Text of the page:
Over 99 per cent of NZEI Te Riu Roa and PPTA members voted against the Government’s global budget proposal, following the combined union meetings held across New Zealand this month.
The unions claim the proposal – one of seven emerging from early stages of the Ministry of Education’s funding review – is effectively a return to the failed bulk funding experiment of the 1990s and could result in fewer teachers and larger class sizes, to the detriment of children’s education.
“This funding proposal has created unprecedented concern – and unity – across the education sector,” said NZEI president, Louise Green. “Educators see no benefits but great risks to education if global funding is to go ahead.”
PPTA president Angela Roberts said the Government should take bulk funding off the table and instead engage with the sector over better ways to address inequity and chronic under-funding of the system.
However, Acting Education Minister Anne Tolley says the funding review is “absolutely about better funding”.
She says discussions on the funding review remain at a very early stage.
“No policy has been developed yet and nothing has been decided. More funding has not been ruled out.”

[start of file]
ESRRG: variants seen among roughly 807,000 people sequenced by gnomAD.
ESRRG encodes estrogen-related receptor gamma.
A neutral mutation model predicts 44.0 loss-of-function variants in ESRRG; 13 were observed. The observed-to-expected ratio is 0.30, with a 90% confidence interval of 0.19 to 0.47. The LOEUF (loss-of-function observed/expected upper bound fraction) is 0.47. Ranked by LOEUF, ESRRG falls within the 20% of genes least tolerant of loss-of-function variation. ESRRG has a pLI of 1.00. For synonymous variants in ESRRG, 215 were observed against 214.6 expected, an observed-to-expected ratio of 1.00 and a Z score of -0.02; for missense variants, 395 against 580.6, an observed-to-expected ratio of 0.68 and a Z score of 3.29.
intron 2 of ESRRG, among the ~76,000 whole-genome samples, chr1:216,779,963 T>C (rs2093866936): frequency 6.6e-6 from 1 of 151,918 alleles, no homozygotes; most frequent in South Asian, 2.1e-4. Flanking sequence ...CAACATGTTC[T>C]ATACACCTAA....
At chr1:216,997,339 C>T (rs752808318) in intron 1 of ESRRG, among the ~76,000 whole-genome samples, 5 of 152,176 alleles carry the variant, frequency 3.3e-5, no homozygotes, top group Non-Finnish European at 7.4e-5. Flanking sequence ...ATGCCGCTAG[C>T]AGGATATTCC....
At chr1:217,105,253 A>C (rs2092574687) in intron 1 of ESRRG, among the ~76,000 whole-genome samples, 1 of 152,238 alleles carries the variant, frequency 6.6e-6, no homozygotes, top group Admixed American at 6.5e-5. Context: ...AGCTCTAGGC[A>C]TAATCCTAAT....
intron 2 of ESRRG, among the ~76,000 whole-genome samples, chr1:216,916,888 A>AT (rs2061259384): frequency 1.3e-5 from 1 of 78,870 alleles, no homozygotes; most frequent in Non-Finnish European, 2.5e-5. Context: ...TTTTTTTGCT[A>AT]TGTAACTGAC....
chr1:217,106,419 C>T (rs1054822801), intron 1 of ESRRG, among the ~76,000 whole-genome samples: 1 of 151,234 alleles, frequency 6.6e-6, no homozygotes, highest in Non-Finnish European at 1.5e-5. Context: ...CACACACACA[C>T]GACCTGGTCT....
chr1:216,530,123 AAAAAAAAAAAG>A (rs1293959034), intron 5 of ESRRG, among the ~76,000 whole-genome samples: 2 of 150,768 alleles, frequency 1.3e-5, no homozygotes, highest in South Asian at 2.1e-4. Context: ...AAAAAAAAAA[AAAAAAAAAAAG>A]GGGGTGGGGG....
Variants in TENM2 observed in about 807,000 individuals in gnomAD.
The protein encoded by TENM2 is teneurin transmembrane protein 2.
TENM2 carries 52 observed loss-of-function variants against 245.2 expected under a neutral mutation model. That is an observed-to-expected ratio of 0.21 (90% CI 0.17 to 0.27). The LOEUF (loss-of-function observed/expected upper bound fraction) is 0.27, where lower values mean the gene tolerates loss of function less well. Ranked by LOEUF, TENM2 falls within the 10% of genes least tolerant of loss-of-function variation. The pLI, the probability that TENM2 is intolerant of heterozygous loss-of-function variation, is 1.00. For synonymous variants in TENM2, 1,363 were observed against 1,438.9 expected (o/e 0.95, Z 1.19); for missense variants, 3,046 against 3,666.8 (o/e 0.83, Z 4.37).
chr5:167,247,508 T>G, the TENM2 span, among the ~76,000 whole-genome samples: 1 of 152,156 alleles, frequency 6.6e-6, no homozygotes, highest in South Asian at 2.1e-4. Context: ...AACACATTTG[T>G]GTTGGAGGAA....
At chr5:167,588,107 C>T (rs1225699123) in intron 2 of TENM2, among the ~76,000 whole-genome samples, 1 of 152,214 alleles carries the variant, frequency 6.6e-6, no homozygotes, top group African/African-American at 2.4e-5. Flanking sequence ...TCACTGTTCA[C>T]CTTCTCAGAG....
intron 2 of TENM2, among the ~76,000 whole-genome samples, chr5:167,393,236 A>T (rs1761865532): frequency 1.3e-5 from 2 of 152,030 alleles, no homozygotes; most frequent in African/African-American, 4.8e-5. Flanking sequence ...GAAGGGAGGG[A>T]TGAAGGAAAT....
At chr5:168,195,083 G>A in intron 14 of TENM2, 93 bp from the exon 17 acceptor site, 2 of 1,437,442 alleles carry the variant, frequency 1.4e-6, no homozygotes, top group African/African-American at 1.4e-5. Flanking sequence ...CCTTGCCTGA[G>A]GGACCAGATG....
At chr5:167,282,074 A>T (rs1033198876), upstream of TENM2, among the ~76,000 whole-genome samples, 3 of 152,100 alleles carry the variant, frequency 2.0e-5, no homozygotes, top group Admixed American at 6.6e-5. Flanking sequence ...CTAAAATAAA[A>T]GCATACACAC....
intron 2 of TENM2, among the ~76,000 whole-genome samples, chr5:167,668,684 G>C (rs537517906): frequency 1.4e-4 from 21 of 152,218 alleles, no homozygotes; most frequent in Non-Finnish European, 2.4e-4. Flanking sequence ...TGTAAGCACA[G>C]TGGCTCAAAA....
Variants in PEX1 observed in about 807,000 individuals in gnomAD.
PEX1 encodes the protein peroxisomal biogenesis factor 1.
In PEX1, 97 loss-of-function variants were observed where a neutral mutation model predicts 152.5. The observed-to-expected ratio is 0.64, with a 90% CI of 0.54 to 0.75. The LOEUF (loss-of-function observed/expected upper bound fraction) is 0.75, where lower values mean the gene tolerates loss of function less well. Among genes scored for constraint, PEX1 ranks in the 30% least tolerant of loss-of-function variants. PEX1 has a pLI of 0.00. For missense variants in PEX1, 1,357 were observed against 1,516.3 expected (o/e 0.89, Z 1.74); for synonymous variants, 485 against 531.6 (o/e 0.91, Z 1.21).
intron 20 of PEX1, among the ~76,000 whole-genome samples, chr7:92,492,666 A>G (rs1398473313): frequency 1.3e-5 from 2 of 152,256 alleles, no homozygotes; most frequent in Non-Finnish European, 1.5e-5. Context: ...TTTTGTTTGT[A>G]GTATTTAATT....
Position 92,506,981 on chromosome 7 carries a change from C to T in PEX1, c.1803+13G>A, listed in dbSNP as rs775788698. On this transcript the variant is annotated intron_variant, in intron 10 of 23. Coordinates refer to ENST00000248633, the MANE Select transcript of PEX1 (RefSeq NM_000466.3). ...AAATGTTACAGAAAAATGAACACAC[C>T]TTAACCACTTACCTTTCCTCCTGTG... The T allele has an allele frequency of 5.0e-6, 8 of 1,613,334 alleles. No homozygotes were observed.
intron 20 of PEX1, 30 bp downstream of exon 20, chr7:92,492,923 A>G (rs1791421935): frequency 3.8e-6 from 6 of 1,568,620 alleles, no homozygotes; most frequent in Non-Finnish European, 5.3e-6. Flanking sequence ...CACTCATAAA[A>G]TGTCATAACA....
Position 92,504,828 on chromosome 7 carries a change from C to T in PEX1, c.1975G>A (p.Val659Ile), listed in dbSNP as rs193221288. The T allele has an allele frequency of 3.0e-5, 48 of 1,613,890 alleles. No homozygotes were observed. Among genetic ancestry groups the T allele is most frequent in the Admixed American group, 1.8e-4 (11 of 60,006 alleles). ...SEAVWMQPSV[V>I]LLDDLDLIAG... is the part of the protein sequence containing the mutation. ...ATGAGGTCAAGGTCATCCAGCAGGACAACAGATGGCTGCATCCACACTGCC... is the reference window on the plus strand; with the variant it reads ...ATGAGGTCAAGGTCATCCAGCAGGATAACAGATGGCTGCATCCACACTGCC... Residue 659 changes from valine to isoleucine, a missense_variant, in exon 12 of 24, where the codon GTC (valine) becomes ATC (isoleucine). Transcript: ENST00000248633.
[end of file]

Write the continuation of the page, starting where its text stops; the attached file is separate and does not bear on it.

“It’s about putting the achievement of our children and young people at the heart of the funding system. Ensuring the record $11.04 billion this Government is putting in to education this year is being spent in the best possible way for every Kiwi kid to achieve.”
Tolley says both union presidents have been involved in funding review discussions from a very early point and their views on the seven proposals were included in the report that the Education Minister received from the Funding Advisory Group earlier this month. The Group agreed that six proposals should progress for further development.
Their feedback, alongside the views of teachers and principals that were gathered by the Ministry of Education will be taken into account when Minister Parata reports to Cabinet later this year. The Cabinet will then decide how to progress.
Meanwhile the unions intend to continue their campaign for ‘Better Funding, Better Learning’ with a roadshow starting in Term 4. They also intend to enlist the support of the public, by asking them to sign postcards to the Minister of Education, rejecting bulk funding and calling for better funding of education.